A date from so many years ago might seem like a funny thing to use as a blog post title. I don't recall what happened during the daytime except I was pretty fed up by the late afternoon [probably tired with looking after an energetic little boy] and my friend WW's car had broken down. At that time I was a member of a now defunct group called Positive Living which used to have monthly speakers on a variety of spiritual topics. That month it was by a stonecircle builder and frankly I thought I'd probably give it a miss as I had visions of a slide show of naff things this chap would have made for your garden. At the last minute WW and I had a change of heart and decided to go. Arriving there to be met by a bloke in a purple cloak with a dog and long grey hair surrounded by crystals didn't do much to change my mind.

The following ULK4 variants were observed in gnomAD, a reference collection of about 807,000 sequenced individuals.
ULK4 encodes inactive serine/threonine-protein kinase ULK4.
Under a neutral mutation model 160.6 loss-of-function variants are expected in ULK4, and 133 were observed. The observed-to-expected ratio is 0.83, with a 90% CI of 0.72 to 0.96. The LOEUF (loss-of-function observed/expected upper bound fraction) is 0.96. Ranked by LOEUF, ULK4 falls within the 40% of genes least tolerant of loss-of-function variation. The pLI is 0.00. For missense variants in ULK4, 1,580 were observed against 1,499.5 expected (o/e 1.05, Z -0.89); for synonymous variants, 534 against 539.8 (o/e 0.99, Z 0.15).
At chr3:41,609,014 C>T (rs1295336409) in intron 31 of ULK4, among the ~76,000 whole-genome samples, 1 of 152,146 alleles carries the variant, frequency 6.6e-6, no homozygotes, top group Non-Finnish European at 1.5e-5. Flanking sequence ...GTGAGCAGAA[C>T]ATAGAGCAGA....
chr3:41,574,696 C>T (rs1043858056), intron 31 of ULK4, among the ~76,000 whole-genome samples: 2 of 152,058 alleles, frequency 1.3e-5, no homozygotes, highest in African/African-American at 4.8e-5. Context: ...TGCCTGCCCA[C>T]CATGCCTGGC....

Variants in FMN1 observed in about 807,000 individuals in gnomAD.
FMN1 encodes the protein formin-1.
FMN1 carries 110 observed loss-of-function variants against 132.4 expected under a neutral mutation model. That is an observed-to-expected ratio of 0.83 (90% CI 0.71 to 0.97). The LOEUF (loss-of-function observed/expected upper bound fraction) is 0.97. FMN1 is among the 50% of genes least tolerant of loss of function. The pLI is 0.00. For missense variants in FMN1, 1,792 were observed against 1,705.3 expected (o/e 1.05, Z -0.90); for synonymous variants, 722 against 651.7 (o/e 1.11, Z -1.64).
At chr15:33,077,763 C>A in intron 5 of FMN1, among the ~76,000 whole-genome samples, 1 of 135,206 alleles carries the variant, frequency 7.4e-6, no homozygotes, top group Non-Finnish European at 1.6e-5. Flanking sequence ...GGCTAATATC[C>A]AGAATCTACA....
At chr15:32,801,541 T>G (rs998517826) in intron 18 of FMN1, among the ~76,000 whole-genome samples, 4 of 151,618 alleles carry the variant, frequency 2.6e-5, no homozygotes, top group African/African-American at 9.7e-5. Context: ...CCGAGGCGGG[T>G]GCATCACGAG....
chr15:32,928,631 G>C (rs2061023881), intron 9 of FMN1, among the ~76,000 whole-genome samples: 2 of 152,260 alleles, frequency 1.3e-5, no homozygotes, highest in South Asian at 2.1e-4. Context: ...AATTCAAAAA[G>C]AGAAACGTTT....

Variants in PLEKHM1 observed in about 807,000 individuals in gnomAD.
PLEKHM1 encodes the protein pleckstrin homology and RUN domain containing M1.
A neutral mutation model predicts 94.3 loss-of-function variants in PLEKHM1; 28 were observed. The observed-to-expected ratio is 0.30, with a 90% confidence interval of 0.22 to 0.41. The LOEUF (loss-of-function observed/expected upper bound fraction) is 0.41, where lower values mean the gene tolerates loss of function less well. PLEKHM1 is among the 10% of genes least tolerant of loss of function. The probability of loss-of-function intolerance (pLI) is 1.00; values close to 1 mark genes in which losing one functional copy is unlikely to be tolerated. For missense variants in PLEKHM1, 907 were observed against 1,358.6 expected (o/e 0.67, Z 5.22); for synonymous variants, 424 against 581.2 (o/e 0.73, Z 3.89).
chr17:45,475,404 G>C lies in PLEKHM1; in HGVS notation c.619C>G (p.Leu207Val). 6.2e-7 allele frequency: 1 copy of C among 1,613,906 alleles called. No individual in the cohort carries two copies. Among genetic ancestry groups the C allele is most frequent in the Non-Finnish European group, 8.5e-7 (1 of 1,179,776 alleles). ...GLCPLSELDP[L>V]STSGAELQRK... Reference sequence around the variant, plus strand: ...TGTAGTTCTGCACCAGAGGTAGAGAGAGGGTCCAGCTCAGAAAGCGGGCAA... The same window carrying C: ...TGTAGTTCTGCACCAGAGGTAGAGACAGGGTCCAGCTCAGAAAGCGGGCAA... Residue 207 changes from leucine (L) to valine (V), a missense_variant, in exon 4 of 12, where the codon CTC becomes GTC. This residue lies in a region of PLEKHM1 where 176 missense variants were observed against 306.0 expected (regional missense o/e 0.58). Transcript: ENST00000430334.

Then this chap spoke and I was mesmerised from the word go. In front of me was a person who managed to be erudite, charming, magical yet refreshingly grounded, funny and real. His name was Ivan Macbeth and he was indeed a stone circle builder [amongst many other things], but full sized ones including the one at Worthy Farm where they hold the Glasto Music Festival. He described the camps they held and the tales of how he and the volunteers built know the photo of the proud angler with the biggest fish...his equivalent was the biggest stone from the quarry. More importantly still he was a Druid and in those couple of hours he brought together all the soul searching I had done to find out which spiritual path I should be on. I had tried and discarded various things knowing that they simply didn't align with my personal beliefs and from that moment on I found my tribe. He literally gifted me a life changing moment and set me off on a different course. I might not remember much of what he said, but I do remember I was so excited I didn't sleep that night and I was tingling with excitement for the next couple of days. Anyone who knows me in real life will know that I am usually a very measured person who keeps their emotions tightly in check so it really was a huge thing for me. For once I actually committed my feelings about the experience to paper.